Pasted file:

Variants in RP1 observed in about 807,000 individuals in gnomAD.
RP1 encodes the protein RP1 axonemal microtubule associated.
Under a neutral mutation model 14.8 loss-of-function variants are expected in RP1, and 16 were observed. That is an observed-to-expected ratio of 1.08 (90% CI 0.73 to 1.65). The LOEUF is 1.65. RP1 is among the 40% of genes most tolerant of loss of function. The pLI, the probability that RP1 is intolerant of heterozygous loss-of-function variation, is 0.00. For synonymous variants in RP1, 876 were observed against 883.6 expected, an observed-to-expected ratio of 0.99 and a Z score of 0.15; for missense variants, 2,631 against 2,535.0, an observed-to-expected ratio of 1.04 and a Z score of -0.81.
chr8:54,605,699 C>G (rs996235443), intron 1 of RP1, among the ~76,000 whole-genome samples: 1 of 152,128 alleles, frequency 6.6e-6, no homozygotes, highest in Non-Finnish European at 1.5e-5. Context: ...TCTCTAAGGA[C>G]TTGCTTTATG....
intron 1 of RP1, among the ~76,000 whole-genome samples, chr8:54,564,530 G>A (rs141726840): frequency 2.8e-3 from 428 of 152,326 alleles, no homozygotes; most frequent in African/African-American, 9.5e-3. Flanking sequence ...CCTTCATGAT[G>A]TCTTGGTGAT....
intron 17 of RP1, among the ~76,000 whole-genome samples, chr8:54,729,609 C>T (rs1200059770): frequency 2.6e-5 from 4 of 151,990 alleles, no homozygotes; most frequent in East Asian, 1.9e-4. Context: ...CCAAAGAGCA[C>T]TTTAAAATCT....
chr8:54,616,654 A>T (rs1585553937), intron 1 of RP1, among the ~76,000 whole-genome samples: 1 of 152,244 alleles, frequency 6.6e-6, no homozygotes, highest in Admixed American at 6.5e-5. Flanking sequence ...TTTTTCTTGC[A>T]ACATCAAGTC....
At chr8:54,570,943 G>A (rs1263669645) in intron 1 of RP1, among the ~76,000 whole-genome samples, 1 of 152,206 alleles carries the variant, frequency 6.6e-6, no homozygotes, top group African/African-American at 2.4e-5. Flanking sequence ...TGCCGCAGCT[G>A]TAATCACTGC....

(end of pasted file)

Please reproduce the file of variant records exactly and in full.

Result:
Variants in RP1 observed in about 807,000 individuals in gnomAD.
RP1 encodes the protein RP1 axonemal microtubule associated.
Under a neutral mutation model 14.8 loss-of-function variants are expected in RP1, and 16 were observed. That is an observed-to-expected ratio of 1.08 (90% CI 0.73 to 1.65). The LOEUF is 1.65. RP1 is among the 40% of genes most tolerant of loss of function. The pLI, the probability that RP1 is intolerant of heterozygous loss-of-function variation, is 0.00. For synonymous variants in RP1, 876 were observed against 883.6 expected, an observed-to-expected ratio of 0.99 and a Z score of 0.15; for missense variants, 2,631 against 2,535.0, an observed-to-expected ratio of 1.04 and a Z score of -0.81.
chr8:54,605,699 C>G (rs996235443), intron 1 of RP1, among the ~76,000 whole-genome samples: 1 of 152,128 alleles, frequency 6.6e-6, no homozygotes, highest in Non-Finnish European at 1.5e-5. Context: ...TCTCTAAGGA[C>G]TTGCTTTATG....
intron 1 of RP1, among the ~76,000 whole-genome samples, chr8:54,564,530 G>A (rs141726840): frequency 2.8e-3 from 428 of 152,326 alleles, no homozygotes; most frequent in African/African-American, 9.5e-3. Flanking sequence ...CCTTCATGAT[G>A]TCTTGGTGAT....
intron 17 of RP1, among the ~76,000 whole-genome samples, chr8:54,729,609 C>T (rs1200059770): frequency 2.6e-5 from 4 of 151,990 alleles, no homozygotes; most frequent in East Asian, 1.9e-4. Context: ...CCAAAGAGCA[C>T]TTTAAAATCT....
chr8:54,616,654 A>T (rs1585553937), intron 1 of RP1, among the ~76,000 whole-genome samples: 1 of 152,244 alleles, frequency 6.6e-6, no homozygotes, highest in Admixed American at 6.5e-5. Flanking sequence ...TTTTTCTTGC[A>T]ACATCAAGTC....
At chr8:54,570,943 G>A (rs1263669645) in intron 1 of RP1, among the ~76,000 whole-genome samples, 1 of 152,206 alleles carries the variant, frequency 6.6e-6, no homozygotes, top group African/African-American at 2.4e-5. Flanking sequence ...TGCCGCAGCT[G>A]TAATCACTGC....